Dale Swansburg, retired, is alive and well in New Brunswick, and in the last few months I had a chance to speak with him once again, and remind him of his impression upon me. He is diagnosed with Multiple Sclerosis, but maintains a good spirit and is still as humble as he was some 40 years ago.

Ben Walsh, also retired,  is still going strong in Regina, but sadly lost his son to friendly fire while with the Canadian Forces. He will never be the same as the man who helped me on this case, but he too remains strong.

Cst Bourdages is still living in New Brunswick, having just recently retired, and having been a long serving member of the RCMP dive team; and he still speaks with the heavy warm French accent that I grew to truly appreciate.

I, on the other hand, after this case, had been instilled with a desire to do homicide investigations. This was my first where I could point to playing a meaningful role, and now I had the bug.

They had instilled in me confidence, made me believe that I could do the job. To see beyond the obvious, to look beneath the surface of the human condition. They showed me that there was a need to speak for the victim, as sometimes there was no one else who put any value on their life. It was a job that would take you to dark places, places where most people will never go.

They had shown me a team of people who wordlessly without direction came together; often with humour, a pride in their job, and with unbridled loyalty to their fellow officers. It was an environment of overwork, with each pulling its share without a negative word or comment, and then often helping the others without a need for applause. You needed to win at trial, there was no other option.

So, I did pursue this goal and would eventually be involved directly in over a couple of hundred homicides during my career. But, there is nothing like the first, and I always tried to mimic that unheralded crew who showed me the way.

Photo courtesy of the Author on a recent return to the area….the “new” bridge to Chatham Head from Newcastle over the Miramichi river..






Lessons in the testimony of James Comey….when politics becomes part of policing

Policing, throughout Canada, both in our Federal and our Municipal policing agencies is increasingly political, and it may be  proving detrimental to our form of government and the ability to do objective investigations.  Everything from recruiting and hiring, to what is being investigated, or how it is being investigated has become subject to the vagaries of a leadership which often cowers and acquiesces to its political masters.

Some would argue that this has always been a problem in our country, that this is nothing new. Others argue that the abject adherence to the desires of the political leadership has reached a more dangerous precipice.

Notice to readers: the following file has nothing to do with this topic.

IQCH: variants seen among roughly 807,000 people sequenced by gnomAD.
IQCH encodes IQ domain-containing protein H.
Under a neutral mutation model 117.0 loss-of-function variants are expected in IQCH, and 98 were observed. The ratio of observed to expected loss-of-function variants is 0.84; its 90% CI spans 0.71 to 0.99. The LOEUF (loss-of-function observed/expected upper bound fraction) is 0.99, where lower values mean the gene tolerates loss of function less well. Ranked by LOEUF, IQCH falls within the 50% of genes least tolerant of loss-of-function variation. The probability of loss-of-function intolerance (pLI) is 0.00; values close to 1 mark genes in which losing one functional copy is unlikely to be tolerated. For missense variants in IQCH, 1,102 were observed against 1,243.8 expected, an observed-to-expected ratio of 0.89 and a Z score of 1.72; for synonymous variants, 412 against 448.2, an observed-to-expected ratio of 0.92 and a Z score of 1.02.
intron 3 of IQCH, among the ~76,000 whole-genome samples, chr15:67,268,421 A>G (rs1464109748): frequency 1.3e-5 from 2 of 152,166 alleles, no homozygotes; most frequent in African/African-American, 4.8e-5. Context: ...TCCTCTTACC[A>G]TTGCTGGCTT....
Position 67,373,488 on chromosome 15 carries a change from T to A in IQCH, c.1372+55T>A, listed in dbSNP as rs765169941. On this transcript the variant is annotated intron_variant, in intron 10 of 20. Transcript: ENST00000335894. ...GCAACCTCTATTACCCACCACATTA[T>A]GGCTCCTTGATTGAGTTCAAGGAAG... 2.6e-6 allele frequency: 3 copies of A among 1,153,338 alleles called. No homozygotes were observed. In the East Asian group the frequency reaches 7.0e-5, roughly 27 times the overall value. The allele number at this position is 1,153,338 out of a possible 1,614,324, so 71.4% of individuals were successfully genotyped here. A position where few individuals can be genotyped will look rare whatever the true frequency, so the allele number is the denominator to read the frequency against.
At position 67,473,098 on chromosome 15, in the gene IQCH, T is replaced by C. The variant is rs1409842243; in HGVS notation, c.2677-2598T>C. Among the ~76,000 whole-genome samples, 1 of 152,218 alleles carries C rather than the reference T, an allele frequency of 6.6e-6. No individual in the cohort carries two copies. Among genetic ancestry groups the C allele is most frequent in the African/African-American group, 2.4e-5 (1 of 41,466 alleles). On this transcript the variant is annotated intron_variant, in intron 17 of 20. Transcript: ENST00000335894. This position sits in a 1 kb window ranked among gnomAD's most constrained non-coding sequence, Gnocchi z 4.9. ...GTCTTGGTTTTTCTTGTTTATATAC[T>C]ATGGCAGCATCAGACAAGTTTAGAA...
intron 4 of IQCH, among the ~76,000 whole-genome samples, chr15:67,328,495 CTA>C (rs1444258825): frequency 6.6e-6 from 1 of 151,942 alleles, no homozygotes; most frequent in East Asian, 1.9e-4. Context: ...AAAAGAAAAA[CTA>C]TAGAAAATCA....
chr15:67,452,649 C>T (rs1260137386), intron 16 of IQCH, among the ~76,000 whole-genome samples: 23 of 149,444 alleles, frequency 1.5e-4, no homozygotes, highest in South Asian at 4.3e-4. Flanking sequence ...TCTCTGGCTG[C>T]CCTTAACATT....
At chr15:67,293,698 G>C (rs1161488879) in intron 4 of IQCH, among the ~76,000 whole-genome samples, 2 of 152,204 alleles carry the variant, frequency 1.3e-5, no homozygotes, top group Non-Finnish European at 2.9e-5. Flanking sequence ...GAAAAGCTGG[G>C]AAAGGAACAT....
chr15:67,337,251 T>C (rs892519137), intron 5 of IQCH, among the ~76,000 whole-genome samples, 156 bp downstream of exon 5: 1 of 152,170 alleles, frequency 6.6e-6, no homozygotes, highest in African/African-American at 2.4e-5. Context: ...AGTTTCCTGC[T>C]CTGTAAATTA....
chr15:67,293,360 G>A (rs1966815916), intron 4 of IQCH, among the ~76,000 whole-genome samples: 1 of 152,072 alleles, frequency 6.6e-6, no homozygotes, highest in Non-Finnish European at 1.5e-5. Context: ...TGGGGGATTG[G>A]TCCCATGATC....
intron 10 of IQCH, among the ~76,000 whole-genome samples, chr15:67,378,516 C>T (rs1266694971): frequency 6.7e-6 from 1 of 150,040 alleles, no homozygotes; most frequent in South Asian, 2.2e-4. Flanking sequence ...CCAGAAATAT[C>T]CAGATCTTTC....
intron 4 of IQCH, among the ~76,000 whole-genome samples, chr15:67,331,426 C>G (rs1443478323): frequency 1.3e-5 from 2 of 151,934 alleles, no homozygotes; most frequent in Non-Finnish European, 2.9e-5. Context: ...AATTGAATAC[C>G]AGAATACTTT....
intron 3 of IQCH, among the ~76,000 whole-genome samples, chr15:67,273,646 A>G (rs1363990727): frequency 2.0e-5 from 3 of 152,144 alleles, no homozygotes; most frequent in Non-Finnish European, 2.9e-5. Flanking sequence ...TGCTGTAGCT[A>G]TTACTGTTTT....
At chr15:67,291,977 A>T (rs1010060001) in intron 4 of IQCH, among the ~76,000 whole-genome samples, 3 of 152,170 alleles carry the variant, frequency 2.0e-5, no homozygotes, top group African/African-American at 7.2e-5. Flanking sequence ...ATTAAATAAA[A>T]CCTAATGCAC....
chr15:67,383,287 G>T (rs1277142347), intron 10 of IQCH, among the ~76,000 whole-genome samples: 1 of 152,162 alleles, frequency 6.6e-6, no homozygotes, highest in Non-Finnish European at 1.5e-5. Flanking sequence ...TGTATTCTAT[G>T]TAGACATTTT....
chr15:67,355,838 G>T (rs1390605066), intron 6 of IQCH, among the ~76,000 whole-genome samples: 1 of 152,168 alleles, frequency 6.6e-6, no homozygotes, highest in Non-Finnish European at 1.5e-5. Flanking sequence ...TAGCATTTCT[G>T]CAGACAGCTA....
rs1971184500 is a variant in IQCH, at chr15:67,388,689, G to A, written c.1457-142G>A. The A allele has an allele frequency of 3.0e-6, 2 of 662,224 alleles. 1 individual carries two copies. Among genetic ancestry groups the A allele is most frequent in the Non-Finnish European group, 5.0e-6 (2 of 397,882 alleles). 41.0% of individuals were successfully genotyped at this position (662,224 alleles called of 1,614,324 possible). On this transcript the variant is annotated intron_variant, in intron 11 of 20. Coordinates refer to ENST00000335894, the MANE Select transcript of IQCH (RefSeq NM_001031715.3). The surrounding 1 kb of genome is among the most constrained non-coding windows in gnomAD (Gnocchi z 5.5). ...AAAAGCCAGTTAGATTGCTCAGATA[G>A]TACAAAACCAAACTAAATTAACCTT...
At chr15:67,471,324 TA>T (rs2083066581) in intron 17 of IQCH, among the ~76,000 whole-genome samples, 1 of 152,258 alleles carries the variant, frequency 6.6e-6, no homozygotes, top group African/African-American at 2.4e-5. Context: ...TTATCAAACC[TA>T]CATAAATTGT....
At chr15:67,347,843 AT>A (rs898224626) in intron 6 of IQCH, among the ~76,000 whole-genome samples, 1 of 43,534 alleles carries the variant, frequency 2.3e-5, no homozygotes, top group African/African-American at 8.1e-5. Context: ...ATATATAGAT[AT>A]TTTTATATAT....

Historically, we have adopted in this country the Westminster system, a system or division of powers where the model of governance forms around three distinct branches; the legislature, the executive and the judiciary. It has always been felt that the police fall on the judiciary side of the branches, and in terms of governance and accountability, the police are meant to remain above partisan politics. They are hoped to be apolitical and autonomous, above the fray so to speak. The public in our democratic system, need to have faith in the police, and their ability to do their jobs immune from political influence, otherwise there is the potential for chaos. As stated by  Robert Peel   “the police are the public and the public are the police”

So there are three distinct functions within our government; those that make the rules or laws (the legislative bodies and the executives of those bodies), those  that enforce those laws(the police), and those that are there to settle the disputes (the judiciary).  We run into trouble in this country when these levels get blurred, when politicians exert control over what or how rules are enforced, or begin to dictate how those police agencies are run.

This is not to say that the police should not be accountable, they should, and it can be argued  even more so than they are now. But they should be accountable for monies, operations, and their administrative management, not for determining investigative worth, or the focus of those same investigations. The judiciary are in place to hold the police responsible,  for the  proper enforcement of the laws, and the use of proper investigative techniques. This creates the needed counter balance. The police are on the judiciary side of the scales of justice, in counter balance to the executive and legislative branch. One balancing the other.